The stock market certainly delivered some pre-Holiday fireworks with the Dow gaining 648 points to log its best week in approximately two years.
The move came in response to “relief” over a Greece “solution” which we’ll discuss in more detail in a moment, and on thin Holiday volume which, in my opinion, made the rally less impressive than would otherwise be the case.
The coming Holiday shortened week promises to be exciting, as well.
On My Wall Street Radar
The sharp rally last week took prices back into heavy resistance as witnessed on the S&P 500 (SPY) chart. You can see how MACD is in an upward trend and RSI is reaching overbought levels.
Also, there were several gap opens during the week which are typically “filled” at some point in the future. In spite of the fireworks, we’re still very much locked inside the recent sideways pattern.
The Economic View From 35,000 Feet
The economic view remains troubling as the rally was based largely on a “Greek solution.”
Unfortunately, this is the nightmare that won’t stop, as today, S&P dulled the 4th of July festivities by saying that the French proposals last week for rolling over some of the Greek debt would, in fact, be considered a “selective default.”
Furthermore, the unions and populace continue to protest the upcoming cuts and unemployment situation and so, overall, it’s very difficult to see a good way out of this situation.
Since much of the debt involved here is held by the European Union, IMF, Germany, France and Italy and includes a “who’s who” of European banks including Deutsche Bank, Commerzbank, Societe General and RBS, it’s easy to understand why there is so much scrambling going on to save this sinking ship.
A hiccup here could, as we’ve discussed many times before, be a disaster for Europe and the global economy.
Finally, well known analyst, Dr. Martin Weiss, does a great job of outlining how risk of Greek default is higher than ever and how such a default could crush U.S. banks and even money market accounts in his article,
In other global economic news, China’s PMI fell to 50.9 from 52 in May and so is on the edge of contraction/recession while their private HSBC PMI report slipped to its lowest level since February, 2009, their non-manufacturing PMI slipped to 57 in June from 61.9 in May.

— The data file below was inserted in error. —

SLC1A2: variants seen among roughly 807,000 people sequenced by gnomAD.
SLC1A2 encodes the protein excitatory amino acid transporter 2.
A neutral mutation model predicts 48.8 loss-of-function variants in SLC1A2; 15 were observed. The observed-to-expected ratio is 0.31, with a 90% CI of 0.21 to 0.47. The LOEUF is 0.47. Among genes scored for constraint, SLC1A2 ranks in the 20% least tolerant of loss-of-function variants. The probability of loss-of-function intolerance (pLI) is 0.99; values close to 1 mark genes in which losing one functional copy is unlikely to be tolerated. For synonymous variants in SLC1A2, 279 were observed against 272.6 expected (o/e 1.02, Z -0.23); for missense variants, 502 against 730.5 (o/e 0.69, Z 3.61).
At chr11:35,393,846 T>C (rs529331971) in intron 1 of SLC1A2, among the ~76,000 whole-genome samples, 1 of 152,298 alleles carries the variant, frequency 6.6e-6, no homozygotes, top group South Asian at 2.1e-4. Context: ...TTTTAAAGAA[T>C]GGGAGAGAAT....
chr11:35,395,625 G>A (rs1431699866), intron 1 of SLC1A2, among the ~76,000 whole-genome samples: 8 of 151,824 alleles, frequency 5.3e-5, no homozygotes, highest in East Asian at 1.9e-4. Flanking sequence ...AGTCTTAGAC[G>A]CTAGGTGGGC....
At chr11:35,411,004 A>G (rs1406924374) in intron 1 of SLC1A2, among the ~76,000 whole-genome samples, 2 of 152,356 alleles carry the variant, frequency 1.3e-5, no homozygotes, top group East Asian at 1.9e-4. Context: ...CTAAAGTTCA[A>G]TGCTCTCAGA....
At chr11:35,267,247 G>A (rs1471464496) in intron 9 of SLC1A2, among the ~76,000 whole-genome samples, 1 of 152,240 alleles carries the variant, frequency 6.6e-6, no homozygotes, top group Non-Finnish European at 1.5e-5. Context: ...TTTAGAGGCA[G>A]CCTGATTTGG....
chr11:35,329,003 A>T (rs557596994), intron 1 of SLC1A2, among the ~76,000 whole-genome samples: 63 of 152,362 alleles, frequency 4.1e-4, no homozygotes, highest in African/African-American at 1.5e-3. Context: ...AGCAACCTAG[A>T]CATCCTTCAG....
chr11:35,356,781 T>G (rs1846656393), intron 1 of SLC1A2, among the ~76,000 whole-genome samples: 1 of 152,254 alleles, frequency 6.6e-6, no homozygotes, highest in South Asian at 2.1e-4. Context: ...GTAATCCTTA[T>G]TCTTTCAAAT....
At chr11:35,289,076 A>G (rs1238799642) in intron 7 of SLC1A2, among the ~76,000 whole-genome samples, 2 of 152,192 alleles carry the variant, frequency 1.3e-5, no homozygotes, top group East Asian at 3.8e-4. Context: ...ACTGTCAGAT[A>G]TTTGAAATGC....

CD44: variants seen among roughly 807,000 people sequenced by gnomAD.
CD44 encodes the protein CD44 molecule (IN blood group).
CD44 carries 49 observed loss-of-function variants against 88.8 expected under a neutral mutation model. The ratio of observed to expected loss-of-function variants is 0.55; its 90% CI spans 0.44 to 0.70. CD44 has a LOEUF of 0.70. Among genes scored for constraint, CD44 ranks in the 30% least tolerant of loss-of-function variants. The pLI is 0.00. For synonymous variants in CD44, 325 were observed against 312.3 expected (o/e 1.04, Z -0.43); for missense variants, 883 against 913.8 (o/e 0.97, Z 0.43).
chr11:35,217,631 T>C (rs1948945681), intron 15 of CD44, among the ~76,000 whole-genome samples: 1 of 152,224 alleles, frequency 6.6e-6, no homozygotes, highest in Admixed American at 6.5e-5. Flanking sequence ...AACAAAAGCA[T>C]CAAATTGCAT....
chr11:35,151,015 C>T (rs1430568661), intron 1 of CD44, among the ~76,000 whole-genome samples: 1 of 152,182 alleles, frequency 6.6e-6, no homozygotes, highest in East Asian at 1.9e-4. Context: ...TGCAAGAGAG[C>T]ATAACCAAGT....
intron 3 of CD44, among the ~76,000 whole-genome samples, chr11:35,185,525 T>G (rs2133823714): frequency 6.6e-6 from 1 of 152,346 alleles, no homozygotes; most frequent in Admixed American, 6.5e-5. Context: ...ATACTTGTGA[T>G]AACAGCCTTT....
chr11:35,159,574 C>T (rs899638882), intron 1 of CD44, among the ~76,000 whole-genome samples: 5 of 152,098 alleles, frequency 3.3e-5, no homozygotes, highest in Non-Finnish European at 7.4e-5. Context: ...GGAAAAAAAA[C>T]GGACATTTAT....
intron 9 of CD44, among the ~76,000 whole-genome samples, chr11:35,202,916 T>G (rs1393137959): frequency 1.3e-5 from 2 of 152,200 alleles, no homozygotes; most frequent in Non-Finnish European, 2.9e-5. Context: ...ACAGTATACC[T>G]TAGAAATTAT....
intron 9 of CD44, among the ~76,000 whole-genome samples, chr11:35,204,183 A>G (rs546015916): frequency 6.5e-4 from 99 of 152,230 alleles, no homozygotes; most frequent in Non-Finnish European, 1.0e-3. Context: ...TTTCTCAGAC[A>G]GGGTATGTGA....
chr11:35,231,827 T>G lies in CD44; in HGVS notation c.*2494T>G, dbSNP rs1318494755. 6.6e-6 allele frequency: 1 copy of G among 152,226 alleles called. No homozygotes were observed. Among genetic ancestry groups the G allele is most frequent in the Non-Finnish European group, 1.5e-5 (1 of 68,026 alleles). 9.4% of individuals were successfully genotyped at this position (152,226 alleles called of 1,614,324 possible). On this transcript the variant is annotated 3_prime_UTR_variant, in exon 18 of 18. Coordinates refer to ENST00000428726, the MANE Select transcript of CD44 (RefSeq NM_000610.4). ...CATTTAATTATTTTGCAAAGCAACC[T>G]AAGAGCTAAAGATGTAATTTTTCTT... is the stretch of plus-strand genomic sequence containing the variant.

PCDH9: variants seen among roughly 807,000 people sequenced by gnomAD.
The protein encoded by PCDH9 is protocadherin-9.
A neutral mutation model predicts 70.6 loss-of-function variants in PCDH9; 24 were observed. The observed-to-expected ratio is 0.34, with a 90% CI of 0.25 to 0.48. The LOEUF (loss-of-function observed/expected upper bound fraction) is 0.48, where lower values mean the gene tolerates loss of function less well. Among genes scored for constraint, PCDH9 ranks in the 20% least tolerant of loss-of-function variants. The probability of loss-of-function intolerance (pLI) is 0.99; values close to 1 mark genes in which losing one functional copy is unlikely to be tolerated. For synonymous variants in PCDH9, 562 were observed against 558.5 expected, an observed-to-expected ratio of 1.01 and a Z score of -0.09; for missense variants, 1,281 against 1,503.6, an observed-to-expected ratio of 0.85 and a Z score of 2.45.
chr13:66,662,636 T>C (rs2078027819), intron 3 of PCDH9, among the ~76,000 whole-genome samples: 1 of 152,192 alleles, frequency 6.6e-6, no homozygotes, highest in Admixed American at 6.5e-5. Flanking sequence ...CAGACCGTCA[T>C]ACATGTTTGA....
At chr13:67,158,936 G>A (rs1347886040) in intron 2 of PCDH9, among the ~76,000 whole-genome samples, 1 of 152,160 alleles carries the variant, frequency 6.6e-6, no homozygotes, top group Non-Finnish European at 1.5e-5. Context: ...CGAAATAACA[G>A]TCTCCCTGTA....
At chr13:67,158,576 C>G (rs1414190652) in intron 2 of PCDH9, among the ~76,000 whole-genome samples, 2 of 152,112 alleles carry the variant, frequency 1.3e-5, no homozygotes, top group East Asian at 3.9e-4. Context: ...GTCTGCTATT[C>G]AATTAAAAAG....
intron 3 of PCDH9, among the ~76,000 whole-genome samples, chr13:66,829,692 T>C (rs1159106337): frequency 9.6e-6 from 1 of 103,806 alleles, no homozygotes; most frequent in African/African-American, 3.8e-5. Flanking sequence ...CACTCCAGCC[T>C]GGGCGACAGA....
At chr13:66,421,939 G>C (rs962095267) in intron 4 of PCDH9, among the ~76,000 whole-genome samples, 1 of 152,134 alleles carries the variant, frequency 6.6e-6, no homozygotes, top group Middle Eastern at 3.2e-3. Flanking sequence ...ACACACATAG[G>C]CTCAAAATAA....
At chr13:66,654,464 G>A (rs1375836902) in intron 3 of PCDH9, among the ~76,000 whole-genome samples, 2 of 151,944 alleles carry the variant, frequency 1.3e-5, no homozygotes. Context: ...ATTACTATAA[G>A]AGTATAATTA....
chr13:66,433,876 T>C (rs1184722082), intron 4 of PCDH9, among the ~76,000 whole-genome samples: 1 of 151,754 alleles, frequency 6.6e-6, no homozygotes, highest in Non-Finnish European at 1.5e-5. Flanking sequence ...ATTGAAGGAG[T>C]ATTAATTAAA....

At home, the news remains mixed, as well.
1. On the positive front, ISM and PMI unexpectedly expanded.
2. Unemployment remained virtually flat.
3. University of Michigan consumer sentiment edged down in June.
4. Minnesota shut down its government over a budget squabble and $5 Billion deficit that resulted in 22,000 layoffs and sounds much like the national debate over tax increases and spending cuts.
5. Treasury Secretary Tim Geithner says he might be leaving office.
6. The deadline for the budget resolution of Aug. 2nd continues to steadily approach and reports indicate that a settlement must be reached no later than July 22nd to allow time for passage by the Aug. 2nd deadline.
Finally, one of my favourite writers, Doug Short, points out that according to the “Q Ratio,” developed by Nobel Laureate, James Tobin, the market is currently 48-60% overvalued and at levels corresponding to several major previous market tops. (The Q Ratio and Market Valuations)
What It All Means for Stock Market and ETF Investors
What this all means for us as stock market and ETF Investors is that we continue to live in treacherous times and significant downside risk exists heading into the Third Quarter.
The Business and Financial News Week Ahead
Some more important news ahead this week with the climax on Friday with the Non Farms Payroll report.
Tuesday: May Factory Orders
Wednesday: June ISM Non Manufacturing
Thursday: ADP Employment Report, Initial Unemployment Claims, Continuing Claims
Friday: June Non Farm Payroll, June Unemployment, May Wholesale Inventories
Leaders: (NYSE: EWD) Sweden (NYSE: EWP) Spain
Laggards: (NYSE: IEF) 7-10 Year U.S. Treasury (NYSE: GLD) Gold